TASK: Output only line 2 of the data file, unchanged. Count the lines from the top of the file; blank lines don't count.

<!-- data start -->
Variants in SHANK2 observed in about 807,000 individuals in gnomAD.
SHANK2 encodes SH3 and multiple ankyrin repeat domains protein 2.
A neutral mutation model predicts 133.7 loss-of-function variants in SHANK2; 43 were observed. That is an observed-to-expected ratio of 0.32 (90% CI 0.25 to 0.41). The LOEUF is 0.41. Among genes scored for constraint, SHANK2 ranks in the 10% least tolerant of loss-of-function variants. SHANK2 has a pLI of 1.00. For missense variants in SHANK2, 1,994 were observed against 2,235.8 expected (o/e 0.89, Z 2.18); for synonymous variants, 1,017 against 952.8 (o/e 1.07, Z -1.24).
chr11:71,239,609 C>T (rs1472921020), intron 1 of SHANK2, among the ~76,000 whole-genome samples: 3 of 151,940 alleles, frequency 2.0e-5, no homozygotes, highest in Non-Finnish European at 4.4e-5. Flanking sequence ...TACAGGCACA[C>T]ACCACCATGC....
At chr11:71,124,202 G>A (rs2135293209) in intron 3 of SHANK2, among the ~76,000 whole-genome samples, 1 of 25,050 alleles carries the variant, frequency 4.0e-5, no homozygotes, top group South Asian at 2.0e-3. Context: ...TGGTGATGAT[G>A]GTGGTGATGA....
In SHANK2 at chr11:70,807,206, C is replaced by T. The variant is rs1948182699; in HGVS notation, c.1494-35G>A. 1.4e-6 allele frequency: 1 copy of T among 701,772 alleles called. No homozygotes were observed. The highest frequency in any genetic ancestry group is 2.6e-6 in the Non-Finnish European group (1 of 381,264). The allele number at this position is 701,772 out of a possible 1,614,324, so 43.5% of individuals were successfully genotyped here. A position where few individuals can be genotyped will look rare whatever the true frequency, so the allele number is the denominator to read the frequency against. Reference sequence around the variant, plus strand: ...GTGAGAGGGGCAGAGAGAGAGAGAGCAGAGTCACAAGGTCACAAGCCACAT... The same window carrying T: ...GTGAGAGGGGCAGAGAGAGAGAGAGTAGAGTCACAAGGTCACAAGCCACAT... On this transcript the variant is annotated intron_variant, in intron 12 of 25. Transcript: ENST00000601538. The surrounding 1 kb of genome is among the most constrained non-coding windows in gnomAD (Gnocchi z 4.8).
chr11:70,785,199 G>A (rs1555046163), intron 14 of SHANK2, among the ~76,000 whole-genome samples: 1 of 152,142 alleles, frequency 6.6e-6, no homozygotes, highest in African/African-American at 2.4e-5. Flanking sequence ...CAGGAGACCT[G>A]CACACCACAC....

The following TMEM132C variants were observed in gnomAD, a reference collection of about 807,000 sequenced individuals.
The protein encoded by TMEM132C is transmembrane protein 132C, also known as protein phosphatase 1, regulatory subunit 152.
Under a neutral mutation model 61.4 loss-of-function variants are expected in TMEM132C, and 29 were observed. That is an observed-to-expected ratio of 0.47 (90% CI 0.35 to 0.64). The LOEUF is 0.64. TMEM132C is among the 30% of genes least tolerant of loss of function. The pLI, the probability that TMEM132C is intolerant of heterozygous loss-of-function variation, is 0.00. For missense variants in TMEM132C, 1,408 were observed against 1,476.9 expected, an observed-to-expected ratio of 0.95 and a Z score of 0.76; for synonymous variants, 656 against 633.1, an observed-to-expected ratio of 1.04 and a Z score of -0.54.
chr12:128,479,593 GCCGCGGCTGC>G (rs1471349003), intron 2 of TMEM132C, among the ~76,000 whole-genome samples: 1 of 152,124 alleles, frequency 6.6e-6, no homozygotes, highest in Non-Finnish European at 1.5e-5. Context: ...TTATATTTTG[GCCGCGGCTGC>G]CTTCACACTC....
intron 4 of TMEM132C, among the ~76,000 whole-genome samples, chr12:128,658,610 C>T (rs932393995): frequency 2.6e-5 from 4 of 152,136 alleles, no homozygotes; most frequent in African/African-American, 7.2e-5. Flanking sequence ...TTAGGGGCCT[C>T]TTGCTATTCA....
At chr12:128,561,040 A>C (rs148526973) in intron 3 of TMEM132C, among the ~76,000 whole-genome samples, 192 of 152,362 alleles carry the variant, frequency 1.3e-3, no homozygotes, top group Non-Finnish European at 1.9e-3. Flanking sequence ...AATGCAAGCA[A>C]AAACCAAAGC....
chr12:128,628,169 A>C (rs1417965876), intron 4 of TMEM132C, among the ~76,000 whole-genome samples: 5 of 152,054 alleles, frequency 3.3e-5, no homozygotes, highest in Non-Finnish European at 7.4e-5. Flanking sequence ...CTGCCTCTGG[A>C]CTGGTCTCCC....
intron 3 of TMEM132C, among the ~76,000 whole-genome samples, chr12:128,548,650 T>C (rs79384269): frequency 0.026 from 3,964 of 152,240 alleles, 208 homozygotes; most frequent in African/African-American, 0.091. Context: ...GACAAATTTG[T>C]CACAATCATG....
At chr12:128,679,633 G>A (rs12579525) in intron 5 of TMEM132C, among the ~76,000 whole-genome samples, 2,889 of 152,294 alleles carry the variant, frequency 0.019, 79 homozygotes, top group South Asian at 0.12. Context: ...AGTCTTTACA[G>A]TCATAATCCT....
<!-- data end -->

SHANK2 encodes SH3 and multiple ankyrin repeat domains protein 2.